The decision is one of the first major changes at Tribune Co.'s flagship newspaper since the company was taken private by real-estate billionaire Sam Zell. It also reflects the ongoing transition in classifieds. Over the last decade, classified listings--which at one time accounted for one-third to a half of all newspaper revenues--have migrated to Web sites that offer greater volume, interactivity, and search functions.
In the first three quarters of 2007, total newspaper classified revenues fell 13.2%, 16.4%, and 17%, according to the Newspaper Association of America. The Tribune Co., publisher of The Chicago Tribune and the Los Angeles Times among others, is certainly feeling the heat. In the third quarter of 2007 (the last for which data is available), classified revenue tumbled 18% compared to the same period in 2006.
With demand for print classifieds waning, newspaper companies may now be able to achieve substantial cost savings by scaling back or axing them altogether. That's especially true in light of a recent note Deutsche Bank to investors predicting that newsprint prices will rise 20% in 2008, compared to 2007, negatively affecting the earnings of most major newspaper companies.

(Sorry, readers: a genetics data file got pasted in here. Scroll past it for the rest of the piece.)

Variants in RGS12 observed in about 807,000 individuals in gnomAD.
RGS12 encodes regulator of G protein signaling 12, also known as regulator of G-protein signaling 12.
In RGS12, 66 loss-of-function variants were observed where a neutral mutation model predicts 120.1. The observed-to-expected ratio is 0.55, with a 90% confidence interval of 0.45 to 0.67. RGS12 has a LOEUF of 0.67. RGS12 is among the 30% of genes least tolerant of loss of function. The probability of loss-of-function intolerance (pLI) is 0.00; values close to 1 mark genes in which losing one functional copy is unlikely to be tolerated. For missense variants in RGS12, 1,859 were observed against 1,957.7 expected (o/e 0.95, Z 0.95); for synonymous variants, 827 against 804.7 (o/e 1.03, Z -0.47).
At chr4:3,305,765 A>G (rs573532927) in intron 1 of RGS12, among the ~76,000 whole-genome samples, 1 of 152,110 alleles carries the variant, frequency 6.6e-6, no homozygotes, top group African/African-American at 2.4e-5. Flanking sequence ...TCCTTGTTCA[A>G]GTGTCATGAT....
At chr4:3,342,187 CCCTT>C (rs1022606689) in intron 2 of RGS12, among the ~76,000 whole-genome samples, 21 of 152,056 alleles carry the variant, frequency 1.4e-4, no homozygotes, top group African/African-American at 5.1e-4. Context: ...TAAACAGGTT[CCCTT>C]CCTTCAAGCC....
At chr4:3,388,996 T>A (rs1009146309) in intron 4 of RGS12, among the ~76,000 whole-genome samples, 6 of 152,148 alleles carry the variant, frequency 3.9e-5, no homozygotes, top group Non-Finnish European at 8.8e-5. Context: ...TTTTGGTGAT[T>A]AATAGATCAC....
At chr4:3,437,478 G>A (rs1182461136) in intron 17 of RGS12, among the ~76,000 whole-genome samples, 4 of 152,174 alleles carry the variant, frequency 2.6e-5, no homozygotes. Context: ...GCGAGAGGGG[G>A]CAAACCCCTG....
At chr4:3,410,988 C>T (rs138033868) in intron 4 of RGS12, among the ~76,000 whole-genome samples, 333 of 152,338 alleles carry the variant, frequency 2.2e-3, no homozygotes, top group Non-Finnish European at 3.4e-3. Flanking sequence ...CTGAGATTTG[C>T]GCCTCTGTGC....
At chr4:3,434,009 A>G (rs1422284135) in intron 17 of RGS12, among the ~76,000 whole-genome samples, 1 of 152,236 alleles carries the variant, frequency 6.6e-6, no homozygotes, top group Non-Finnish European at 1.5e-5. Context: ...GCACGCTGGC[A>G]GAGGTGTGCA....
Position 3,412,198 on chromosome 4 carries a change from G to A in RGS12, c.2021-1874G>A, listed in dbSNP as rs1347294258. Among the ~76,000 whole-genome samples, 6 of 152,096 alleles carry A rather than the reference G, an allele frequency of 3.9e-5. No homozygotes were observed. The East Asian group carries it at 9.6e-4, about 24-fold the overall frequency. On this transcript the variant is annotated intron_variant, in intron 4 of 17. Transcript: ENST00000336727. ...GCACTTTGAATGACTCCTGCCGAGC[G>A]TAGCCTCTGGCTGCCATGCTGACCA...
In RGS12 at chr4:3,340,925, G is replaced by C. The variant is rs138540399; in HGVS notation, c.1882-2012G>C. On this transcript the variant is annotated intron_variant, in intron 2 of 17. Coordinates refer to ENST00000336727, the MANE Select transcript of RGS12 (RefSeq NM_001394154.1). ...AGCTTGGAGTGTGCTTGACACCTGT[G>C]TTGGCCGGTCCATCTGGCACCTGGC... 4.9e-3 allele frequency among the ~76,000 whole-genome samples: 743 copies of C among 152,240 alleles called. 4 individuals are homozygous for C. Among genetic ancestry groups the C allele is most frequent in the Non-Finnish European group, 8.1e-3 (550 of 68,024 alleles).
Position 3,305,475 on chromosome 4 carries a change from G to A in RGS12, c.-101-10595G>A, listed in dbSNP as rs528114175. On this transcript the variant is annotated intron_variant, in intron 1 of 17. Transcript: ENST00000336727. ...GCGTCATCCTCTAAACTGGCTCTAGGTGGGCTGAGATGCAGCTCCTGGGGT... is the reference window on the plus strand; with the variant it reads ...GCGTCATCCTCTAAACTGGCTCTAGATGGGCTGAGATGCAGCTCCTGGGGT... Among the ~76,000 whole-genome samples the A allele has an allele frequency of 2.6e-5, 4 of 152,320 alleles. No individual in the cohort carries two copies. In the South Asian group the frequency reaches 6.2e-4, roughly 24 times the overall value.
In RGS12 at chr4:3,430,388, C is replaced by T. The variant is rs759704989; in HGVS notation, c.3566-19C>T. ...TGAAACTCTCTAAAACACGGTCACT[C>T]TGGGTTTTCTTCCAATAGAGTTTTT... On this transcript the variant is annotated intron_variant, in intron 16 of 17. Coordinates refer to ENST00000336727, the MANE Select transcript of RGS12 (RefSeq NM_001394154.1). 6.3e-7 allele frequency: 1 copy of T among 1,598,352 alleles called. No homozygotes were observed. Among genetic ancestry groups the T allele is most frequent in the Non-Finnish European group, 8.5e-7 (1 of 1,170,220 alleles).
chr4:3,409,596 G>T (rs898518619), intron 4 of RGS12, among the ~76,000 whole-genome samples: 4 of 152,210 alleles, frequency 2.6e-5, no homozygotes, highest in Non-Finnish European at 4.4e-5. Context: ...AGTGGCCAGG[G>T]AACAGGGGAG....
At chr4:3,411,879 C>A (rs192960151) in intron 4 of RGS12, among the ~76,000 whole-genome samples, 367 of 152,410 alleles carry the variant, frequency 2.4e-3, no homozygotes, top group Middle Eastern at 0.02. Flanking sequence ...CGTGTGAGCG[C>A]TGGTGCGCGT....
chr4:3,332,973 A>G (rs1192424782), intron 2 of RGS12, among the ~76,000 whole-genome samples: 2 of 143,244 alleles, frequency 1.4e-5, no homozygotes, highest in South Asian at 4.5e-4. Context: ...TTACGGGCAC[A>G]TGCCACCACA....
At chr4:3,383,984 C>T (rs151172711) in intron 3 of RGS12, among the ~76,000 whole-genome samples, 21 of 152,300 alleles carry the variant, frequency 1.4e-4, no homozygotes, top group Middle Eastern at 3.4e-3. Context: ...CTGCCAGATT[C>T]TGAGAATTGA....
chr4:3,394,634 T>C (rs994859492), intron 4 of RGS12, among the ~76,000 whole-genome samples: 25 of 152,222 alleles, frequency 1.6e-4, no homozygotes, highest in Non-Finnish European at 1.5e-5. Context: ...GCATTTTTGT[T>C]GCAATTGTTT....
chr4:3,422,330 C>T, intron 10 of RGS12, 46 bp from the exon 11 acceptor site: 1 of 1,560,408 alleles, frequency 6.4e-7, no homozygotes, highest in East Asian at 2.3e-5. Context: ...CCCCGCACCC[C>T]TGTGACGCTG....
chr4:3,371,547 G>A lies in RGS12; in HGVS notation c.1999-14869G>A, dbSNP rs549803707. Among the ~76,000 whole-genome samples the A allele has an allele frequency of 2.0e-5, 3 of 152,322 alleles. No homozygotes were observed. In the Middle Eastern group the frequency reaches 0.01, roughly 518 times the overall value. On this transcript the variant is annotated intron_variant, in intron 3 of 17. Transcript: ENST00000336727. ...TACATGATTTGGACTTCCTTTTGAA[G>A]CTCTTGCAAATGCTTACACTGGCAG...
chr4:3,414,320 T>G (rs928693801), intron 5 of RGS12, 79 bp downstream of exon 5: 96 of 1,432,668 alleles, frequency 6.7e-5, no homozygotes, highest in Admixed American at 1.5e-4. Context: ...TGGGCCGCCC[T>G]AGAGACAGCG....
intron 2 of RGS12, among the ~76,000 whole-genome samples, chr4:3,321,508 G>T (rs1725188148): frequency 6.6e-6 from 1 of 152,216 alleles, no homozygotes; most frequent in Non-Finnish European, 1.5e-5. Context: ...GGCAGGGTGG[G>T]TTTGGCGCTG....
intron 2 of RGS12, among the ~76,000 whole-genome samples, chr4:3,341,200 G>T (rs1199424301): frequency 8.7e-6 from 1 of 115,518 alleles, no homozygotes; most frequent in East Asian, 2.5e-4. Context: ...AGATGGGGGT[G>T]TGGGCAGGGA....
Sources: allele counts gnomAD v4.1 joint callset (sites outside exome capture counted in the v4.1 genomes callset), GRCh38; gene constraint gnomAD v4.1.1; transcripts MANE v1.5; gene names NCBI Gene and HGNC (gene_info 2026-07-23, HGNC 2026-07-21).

As their print classifieds business collapses, newspapers are struggling to rebuild this profit center online, contending with sites like Craigslist and other local list services. One strategy is to affiliate with other newspaper owners in networks like CareerBuilder that share classified listings.
Many newspapers are also entering into hybrid partnerships with online properties like Monster, Yahoo's HotJobs (part of Yahoo's newspaper consortium) and Zillow for real estate.